Or is his mythology overblown?
(I think so….)
Some people I know, Democrats, think Donald Trump IS the ‘second coming’ for Republicans….
(He still gets media ‘hits’…..)
Some of us do NOT…..
Some of us believe that Trump flaws, lies and actions will destroy his political power in the end and drag down some of his party with him….
We’ll have to wait and see….
He’s still their heard leader….
But already his numbers are dropping…..
Writing this week in the Washington Post, neoconservative scholar Robert Kagan assembled a persuasive case that Trump’s continuing campaign of lies and subterfuge could well succeed in breaking our brittle system in 2024, essentially unbuckling democracy and installing Trump in office regardless of who wins. Yes, it could happen. Trump-directed state legislatures may very well skew election law to cancel a Democratic victory. Our contentious politics may become more violent. Federal authority may fracture and evaporate….
But there’s another way to look at it. Is this nighmare scenario really a function of Trump’s power and his dominance over his party? Or do the extra-Constitutional methods Trump might adopt as we enter the 2024 election penumbra reflect his essential weakness, and the continued decay of Republican power? Are we looking at a player holding a set of superior cards or as a weak-hand bluff artist threatening to blow up the casino unless he wins the pot?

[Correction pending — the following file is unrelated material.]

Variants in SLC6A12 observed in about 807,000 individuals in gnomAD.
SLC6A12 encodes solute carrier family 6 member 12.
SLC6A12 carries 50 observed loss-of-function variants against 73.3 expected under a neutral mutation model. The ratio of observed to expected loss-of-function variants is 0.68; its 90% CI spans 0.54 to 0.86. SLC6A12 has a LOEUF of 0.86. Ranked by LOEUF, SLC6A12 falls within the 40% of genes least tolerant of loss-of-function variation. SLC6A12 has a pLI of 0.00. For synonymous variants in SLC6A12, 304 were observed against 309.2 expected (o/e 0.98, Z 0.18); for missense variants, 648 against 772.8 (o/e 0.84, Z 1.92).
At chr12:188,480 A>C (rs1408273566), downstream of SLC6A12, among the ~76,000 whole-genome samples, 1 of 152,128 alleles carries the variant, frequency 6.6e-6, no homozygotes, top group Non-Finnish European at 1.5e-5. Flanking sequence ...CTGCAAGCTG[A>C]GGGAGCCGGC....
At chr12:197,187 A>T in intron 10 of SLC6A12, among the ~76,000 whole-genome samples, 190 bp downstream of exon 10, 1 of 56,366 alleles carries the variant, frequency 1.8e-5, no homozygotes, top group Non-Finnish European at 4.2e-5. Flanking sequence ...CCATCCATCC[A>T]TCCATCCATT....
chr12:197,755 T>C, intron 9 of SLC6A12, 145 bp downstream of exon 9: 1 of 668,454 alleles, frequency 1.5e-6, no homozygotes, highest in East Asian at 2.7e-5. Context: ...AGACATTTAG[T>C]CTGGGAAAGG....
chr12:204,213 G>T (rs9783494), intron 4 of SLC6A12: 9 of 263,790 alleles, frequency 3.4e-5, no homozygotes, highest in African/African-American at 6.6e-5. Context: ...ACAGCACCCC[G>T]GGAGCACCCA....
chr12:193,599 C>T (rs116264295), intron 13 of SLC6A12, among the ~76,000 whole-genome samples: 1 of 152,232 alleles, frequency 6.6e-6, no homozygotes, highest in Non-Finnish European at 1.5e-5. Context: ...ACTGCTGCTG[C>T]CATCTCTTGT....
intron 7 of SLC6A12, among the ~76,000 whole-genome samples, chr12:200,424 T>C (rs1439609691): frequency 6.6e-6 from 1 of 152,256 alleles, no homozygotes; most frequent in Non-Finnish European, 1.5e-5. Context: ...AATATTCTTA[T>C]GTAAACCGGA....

It’s hard to know, and the political establishment—media included—has done an embarrassingly bad job of gaming it out in the past. As Kagan notes, we deserved Trump because we underestimated him the first time around. But going into 2024, does it make sense to compensate by overestimating him?
If Trump were the Election Day colossus that Kagan and other observers believe he is, wouldn’t the better strategy for 2024 be to run more like he did in 2016—a slightly feral Republican—and less like he did in 2020, as a crackbrained rager? He could just gather all those campaign donations pouring in and launch a solid ground game to win back states he won in 2016 but lost in 2020, and leave the Constitution and the election laws be. But so far, he’s not.
The only person or party that attempts a coup d’etat is the one that cannot win by other means. Gearing up for a coup—which we can concede that Kagan gets right about Trump—is not a sign of political strength but one of political weakness. By signaling an attempt to regain power by any means necessary, Trump essentially confesses that Trumpism is not and is not likely to become a majoritarian movement.
Evidence of Trumpian weakness abounds. Neither Trump nor his supporters exhibit much interest in debating the facts behind the issues, be it Covid-19, the climate, vote returns, or the time he stated erroneously that he has “total” authority over how states run their pandemic responses. The scores of bogus legal claims he and his team made in contesting election results have collapsed without much effort to defend them. Trump loves to argue by assertion, like every three-year-old, because in many cases his bold assertion is the only asset his argument contains.
Nor does the slavish obedience to Trump that so many of his supporters pay to him indicate a leader’s power….